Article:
I'm very curious about how this tank will be handled now that the deal fell through.  Like we've said, something has to happen.  They can't just leave it.  With all the concern on pollution and shellfish contamination, etc. It just seems like common sense that the "Town" via its Conservation Commission should follow it through and make the owners clean it up.  I don't want to get too nosey but the DEP in Lakeville should have been made aware as well.  The Wetlands & Waterways Division is located right there.  I'd like to check but I don't want to get wrapped up and end up buried down there with that tank!

Posted by: Wareham By The Sea | Jun 06, 2017 21:24

Chaka, I have dealt with David from time to time.  My dealings with him have not been like yours.  I am not disagreeing with you.  He may have very well been that way for your experiences.  I have found him to be "by-the-book".  That's not necessarily good either because there are some very restrictive and somewhat unrealistic rules that he facilitates.  Anyone that's tried to put up a birdhouse or trim a blade of grass within 100 feet of a resource area knows that!  This matter needs to be presented to the entire commission, not just David.  There's a group of them, they are a team and each has various environmentally fueled passion.  They're a good group of people.  If they all get briefed on this tank, I'm sure one or two will run with it and get something going.


Now that I think about it, I'm sure they know.  Word like this travels.  They all live in town, frequent Town Hall, and must read the paper.  They know.  Can anybody comment on the awareness of this issue?

Posted by: Chaka | Jun 06, 2017 22:44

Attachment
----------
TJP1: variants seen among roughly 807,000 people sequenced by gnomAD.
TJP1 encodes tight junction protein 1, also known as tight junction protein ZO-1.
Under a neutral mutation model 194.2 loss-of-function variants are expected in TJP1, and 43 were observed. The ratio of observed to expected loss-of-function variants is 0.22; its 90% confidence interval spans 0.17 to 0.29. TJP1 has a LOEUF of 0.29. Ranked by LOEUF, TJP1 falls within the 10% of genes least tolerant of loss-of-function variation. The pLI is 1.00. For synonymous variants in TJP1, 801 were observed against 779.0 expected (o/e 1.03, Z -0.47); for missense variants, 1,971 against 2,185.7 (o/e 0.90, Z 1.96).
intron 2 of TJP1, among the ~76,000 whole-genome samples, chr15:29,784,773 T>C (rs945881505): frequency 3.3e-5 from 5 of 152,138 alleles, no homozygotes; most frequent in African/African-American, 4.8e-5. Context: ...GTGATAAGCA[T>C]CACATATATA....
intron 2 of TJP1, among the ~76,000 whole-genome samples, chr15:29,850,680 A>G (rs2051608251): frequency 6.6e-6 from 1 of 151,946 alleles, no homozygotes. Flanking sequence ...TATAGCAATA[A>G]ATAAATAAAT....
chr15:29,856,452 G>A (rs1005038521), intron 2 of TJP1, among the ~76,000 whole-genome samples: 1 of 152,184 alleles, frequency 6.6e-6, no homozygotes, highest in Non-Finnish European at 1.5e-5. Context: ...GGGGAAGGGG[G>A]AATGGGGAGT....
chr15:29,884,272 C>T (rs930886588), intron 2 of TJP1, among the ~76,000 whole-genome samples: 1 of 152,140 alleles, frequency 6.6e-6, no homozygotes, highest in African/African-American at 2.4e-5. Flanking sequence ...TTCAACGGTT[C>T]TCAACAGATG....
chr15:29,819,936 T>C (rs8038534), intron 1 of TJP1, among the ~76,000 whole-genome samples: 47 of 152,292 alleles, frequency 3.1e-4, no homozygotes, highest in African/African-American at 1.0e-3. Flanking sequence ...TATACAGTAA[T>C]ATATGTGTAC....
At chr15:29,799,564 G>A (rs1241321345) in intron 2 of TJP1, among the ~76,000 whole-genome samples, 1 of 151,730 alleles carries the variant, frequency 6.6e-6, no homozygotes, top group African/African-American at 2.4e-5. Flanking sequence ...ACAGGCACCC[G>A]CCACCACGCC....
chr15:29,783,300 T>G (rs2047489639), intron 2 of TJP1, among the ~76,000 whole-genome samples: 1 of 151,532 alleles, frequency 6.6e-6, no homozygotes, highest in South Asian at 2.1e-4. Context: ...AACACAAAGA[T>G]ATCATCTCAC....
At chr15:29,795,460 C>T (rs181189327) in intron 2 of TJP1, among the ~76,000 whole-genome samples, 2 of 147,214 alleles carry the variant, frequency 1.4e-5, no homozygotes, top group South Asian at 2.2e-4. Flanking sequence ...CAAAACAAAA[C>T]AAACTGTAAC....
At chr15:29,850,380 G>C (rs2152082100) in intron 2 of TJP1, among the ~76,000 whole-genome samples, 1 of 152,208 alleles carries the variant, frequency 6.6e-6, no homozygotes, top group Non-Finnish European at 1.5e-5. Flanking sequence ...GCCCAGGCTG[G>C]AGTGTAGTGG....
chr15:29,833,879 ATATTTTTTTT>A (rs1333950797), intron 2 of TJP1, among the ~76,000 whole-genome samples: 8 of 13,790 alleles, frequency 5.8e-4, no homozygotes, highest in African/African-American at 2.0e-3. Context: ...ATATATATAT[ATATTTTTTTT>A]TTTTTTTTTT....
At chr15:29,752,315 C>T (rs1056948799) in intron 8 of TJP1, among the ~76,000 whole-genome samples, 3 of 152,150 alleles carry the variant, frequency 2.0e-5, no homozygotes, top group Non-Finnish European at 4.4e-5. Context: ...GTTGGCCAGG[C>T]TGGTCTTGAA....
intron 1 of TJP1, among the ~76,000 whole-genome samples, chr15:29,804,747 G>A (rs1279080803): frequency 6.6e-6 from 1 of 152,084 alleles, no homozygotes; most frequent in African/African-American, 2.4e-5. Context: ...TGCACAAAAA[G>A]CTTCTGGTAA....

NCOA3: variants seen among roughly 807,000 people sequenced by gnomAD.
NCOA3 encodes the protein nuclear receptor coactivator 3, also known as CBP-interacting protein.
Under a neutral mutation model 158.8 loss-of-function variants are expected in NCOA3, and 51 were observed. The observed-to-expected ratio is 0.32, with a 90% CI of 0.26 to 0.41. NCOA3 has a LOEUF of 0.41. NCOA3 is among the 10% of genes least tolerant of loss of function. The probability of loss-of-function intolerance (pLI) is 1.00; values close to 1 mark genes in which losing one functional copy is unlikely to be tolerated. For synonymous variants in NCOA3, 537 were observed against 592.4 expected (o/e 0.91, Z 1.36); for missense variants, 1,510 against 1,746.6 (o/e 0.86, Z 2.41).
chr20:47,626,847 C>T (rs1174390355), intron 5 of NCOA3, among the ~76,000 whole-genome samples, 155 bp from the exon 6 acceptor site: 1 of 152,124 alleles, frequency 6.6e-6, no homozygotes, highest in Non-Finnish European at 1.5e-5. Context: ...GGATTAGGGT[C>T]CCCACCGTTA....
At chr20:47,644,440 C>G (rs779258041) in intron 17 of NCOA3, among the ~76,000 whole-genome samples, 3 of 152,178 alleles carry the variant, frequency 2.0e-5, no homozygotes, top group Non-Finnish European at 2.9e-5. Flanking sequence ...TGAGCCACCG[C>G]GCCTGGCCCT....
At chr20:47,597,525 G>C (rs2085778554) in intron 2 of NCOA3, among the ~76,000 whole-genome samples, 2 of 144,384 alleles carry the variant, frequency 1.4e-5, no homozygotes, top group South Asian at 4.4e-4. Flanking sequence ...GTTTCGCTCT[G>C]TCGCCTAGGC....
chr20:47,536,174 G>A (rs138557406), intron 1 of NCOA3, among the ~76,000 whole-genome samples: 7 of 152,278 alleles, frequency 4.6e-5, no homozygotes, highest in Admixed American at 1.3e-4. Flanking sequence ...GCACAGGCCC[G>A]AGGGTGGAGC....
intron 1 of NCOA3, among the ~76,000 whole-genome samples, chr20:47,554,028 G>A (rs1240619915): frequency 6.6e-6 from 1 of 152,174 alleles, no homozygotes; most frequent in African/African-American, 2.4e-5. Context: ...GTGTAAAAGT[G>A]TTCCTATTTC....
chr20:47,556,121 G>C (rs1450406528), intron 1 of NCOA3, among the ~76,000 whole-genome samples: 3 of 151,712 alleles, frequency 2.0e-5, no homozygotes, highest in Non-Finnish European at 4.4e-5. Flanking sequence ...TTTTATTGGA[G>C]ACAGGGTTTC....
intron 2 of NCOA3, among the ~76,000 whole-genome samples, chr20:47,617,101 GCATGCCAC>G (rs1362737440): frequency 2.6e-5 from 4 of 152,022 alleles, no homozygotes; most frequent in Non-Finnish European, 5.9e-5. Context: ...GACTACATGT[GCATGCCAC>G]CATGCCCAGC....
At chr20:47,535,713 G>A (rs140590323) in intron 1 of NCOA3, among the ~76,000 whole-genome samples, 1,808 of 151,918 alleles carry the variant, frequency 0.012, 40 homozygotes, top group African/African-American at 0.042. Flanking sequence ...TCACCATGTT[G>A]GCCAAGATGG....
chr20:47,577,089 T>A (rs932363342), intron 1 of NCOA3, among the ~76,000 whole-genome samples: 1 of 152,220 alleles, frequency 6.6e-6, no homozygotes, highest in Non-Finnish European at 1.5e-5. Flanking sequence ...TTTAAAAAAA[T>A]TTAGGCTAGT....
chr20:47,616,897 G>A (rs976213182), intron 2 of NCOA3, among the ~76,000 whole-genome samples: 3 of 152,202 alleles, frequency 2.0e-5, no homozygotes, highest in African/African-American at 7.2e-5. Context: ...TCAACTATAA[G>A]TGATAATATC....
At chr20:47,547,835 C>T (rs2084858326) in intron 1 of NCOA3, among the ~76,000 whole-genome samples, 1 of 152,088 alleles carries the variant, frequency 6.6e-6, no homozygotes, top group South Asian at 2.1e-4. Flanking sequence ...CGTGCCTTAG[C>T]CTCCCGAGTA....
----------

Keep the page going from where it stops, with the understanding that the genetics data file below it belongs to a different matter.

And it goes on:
I've had three bad dealings with him. That sold me.

Posted by: Chaka | Jun 06, 2017 22:47

While I'm at it, I think nazih elkaladdi of the zoning board of appeals is a shady developer. It's like we have a fox "protecting" the henhouse

Posted by: Peter W. Teitelbaum | Jun 06, 2017 23:53

The Massachusetts Dept. of Environmental Protection regulates underground storage tanks.  The Wareham Conservation Commission does not have any jurisdiction over USTs whatsoever.

Posted by: Wareham By The Sea | Jun 07, 2017 07:22

Thanks Peter, I knew they were ultimately responsible.  Does Wareham (via ConCom or other) notify the DEP in cases like this?  In other words, how do we ensure that the DEP knows about this?

Posted by: Joe Leggett | Jun 07, 2017 09:44

From the above article;


"According to Katie Gronendyke, press secretary for the Executive Office of Energy and Environmental Affairs, an inspection of the land uncovered the existence of an abandoned underground storage tank."



MassDEP comes under the EEA umbrela so I would think they would know about this.

Posted by: Wareham By The Sea | Jun 07, 2017 12:26

Thanks Joe, true one would think that the EEA would internally inform the DEP.  Sometimes the left hand doesn't know what the right hand is doing in agencies like that.  However, I'll be positive and hope that the DEP has been informed and that they will be acting on this matter.